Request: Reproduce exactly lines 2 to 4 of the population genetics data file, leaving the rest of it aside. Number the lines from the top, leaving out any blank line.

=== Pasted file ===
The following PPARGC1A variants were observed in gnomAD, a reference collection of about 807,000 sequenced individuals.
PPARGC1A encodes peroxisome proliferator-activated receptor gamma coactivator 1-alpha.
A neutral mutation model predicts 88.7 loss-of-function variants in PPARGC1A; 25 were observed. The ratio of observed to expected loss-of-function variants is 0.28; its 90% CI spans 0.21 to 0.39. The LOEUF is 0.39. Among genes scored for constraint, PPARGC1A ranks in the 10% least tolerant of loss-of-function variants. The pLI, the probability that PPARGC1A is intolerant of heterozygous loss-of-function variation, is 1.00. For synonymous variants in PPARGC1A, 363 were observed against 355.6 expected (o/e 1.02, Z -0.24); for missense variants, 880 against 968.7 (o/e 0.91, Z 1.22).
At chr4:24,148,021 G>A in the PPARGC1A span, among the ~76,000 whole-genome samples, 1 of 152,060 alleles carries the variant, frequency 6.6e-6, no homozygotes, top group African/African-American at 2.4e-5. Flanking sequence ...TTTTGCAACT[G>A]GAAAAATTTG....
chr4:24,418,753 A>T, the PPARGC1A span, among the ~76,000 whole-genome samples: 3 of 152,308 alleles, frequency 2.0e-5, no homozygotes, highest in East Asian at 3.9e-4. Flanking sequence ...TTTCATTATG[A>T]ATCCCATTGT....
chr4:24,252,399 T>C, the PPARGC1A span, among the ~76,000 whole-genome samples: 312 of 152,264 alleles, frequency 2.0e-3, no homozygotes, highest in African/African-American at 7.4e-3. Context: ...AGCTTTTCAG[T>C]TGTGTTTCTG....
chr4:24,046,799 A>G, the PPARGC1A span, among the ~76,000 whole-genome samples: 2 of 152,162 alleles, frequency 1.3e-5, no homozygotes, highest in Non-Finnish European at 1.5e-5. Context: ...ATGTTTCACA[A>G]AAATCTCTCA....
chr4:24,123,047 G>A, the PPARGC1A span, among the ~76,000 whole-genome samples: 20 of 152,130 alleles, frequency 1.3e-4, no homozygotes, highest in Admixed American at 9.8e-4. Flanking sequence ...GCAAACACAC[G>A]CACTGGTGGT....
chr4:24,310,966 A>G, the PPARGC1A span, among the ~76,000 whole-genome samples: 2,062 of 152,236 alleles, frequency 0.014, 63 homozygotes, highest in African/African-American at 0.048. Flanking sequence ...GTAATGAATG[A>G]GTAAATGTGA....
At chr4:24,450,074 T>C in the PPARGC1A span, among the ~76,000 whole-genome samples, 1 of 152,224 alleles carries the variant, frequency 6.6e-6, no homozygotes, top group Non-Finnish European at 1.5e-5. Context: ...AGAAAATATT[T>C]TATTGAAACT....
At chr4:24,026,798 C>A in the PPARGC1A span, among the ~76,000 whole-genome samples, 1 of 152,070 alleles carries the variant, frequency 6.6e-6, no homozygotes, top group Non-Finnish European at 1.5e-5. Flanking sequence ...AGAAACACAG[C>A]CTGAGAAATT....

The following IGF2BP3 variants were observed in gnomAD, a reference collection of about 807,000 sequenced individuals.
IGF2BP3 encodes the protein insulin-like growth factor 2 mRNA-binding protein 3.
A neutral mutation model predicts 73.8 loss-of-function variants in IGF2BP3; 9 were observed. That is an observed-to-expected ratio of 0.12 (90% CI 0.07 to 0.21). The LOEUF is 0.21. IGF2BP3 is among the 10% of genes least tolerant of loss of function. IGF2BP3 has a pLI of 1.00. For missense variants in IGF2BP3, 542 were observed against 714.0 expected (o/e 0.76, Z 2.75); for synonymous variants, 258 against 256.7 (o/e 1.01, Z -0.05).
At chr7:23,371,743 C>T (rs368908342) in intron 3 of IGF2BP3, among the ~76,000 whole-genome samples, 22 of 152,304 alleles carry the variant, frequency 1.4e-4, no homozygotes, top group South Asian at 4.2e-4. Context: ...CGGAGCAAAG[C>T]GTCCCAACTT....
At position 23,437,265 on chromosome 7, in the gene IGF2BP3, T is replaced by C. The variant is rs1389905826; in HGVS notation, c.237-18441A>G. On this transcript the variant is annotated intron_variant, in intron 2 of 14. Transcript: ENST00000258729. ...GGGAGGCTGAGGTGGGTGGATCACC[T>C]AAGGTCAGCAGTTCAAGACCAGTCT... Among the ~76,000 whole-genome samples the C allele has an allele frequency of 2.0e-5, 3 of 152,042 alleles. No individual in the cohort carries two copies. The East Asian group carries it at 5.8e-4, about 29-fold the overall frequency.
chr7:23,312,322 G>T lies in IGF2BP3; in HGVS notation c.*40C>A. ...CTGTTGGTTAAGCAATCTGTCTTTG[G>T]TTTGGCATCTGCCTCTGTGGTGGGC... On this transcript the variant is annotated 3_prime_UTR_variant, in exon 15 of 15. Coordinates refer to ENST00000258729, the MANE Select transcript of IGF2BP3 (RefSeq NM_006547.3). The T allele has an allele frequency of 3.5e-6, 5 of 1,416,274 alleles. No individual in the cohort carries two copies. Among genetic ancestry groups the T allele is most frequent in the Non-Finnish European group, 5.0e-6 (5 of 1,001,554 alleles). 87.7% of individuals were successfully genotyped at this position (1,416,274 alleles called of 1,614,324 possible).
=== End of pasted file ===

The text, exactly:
PPARGC1A encodes peroxisome proliferator-activated receptor gamma coactivator 1-alpha.
A neutral mutation model predicts 88.7 loss-of-function variants in PPARGC1A; 25 were observed. The ratio of observed to expected loss-of-function variants is 0.28; its 90% CI spans 0.21 to 0.39. The LOEUF is 0.39. Among genes scored for constraint, PPARGC1A ranks in the 10% least tolerant of loss-of-function variants. The pLI, the probability that PPARGC1A is intolerant of heterozygous loss-of-function variation, is 1.00. For synonymous variants in PPARGC1A, 363 were observed against 355.6 expected (o/e 1.02, Z -0.24); for missense variants, 880 against 968.7 (o/e 0.91, Z 1.22).
At chr4:24,148,021 G>A in the PPARGC1A span, among the ~76,000 whole-genome samples, 1 of 152,060 alleles carries the variant, frequency 6.6e-6, no homozygotes, top group African/African-American at 2.4e-5. Flanking sequence ...TTTTGCAACT[G>A]GAAAAATTTG....